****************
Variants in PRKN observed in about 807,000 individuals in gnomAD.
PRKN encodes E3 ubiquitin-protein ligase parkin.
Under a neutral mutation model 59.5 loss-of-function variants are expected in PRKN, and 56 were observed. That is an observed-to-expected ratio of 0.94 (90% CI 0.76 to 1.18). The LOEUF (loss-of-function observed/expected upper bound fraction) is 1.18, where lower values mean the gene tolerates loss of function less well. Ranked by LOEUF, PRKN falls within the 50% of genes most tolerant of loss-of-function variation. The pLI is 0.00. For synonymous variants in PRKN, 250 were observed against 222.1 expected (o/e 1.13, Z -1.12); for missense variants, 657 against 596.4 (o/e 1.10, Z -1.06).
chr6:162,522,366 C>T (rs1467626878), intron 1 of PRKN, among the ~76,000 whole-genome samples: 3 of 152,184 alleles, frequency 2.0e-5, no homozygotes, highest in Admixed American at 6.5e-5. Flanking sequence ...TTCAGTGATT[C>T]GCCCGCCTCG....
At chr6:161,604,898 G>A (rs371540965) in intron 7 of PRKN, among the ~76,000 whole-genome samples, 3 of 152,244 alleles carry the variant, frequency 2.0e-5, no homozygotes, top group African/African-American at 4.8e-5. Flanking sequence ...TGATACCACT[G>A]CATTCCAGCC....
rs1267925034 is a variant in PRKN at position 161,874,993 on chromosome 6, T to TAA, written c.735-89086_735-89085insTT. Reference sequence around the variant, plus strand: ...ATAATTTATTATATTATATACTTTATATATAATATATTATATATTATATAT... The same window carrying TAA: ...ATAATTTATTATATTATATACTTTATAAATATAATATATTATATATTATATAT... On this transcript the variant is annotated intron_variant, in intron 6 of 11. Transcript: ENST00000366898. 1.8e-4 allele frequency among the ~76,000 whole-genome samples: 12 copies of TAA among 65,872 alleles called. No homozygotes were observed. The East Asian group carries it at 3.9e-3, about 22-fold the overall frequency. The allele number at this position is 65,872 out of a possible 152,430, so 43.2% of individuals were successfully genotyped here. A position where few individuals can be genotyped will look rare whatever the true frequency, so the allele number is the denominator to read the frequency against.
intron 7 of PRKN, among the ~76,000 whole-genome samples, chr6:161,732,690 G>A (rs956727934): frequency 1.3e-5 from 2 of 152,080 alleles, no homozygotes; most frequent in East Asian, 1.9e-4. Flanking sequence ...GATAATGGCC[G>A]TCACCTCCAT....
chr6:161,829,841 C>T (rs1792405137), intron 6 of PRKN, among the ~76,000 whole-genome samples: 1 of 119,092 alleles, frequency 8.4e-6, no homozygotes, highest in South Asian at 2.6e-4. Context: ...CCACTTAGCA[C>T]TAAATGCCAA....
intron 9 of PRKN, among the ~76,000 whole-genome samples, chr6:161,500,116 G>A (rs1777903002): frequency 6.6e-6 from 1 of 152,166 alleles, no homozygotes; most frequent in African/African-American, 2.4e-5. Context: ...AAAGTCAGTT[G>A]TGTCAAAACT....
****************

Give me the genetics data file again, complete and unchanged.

Variants in PRKN observed in about 807,000 individuals in gnomAD.
PRKN encodes E3 ubiquitin-protein ligase parkin.
Under a neutral mutation model 59.5 loss-of-function variants are expected in PRKN, and 56 were observed. That is an observed-to-expected ratio of 0.94 (90% CI 0.76 to 1.18). The LOEUF (loss-of-function observed/expected upper bound fraction) is 1.18, where lower values mean the gene tolerates loss of function less well. Ranked by LOEUF, PRKN falls within the 50% of genes most tolerant of loss-of-function variation. The pLI is 0.00. For synonymous variants in PRKN, 250 were observed against 222.1 expected (o/e 1.13, Z -1.12); for missense variants, 657 against 596.4 (o/e 1.10, Z -1.06).
chr6:162,522,366 C>T (rs1467626878), intron 1 of PRKN, among the ~76,000 whole-genome samples: 3 of 152,184 alleles, frequency 2.0e-5, no homozygotes, highest in Admixed American at 6.5e-5. Flanking sequence ...TTCAGTGATT[C>T]GCCCGCCTCG....
At chr6:161,604,898 G>A (rs371540965) in intron 7 of PRKN, among the ~76,000 whole-genome samples, 3 of 152,244 alleles carry the variant, frequency 2.0e-5, no homozygotes, top group African/African-American at 4.8e-5. Flanking sequence ...TGATACCACT[G>A]CATTCCAGCC....
rs1267925034 is a variant in PRKN at position 161,874,993 on chromosome 6, T to TAA, written c.735-89086_735-89085insTT. Reference sequence around the variant, plus strand: ...ATAATTTATTATATTATATACTTTATATATAATATATTATATATTATATAT... The same window carrying TAA: ...ATAATTTATTATATTATATACTTTATAAATATAATATATTATATATTATATAT... On this transcript the variant is annotated intron_variant, in intron 6 of 11. Transcript: ENST00000366898. 1.8e-4 allele frequency among the ~76,000 whole-genome samples: 12 copies of TAA among 65,872 alleles called. No homozygotes were observed. The East Asian group carries it at 3.9e-3, about 22-fold the overall frequency. The allele number at this position is 65,872 out of a possible 152,430, so 43.2% of individuals were successfully genotyped here. A position where few individuals can be genotyped will look rare whatever the true frequency, so the allele number is the denominator to read the frequency against.
intron 7 of PRKN, among the ~76,000 whole-genome samples, chr6:161,732,690 G>A (rs956727934): frequency 1.3e-5 from 2 of 152,080 alleles, no homozygotes; most frequent in East Asian, 1.9e-4. Flanking sequence ...GATAATGGCC[G>A]TCACCTCCAT....
chr6:161,829,841 C>T (rs1792405137), intron 6 of PRKN, among the ~76,000 whole-genome samples: 1 of 119,092 alleles, frequency 8.4e-6, no homozygotes, highest in South Asian at 2.6e-4. Context: ...CCACTTAGCA[C>T]TAAATGCCAA....
intron 9 of PRKN, among the ~76,000 whole-genome samples, chr6:161,500,116 G>A (rs1777903002): frequency 6.6e-6 from 1 of 152,166 alleles, no homozygotes; most frequent in African/African-American, 2.4e-5. Context: ...AAAGTCAGTT[G>A]TGTCAAAACT....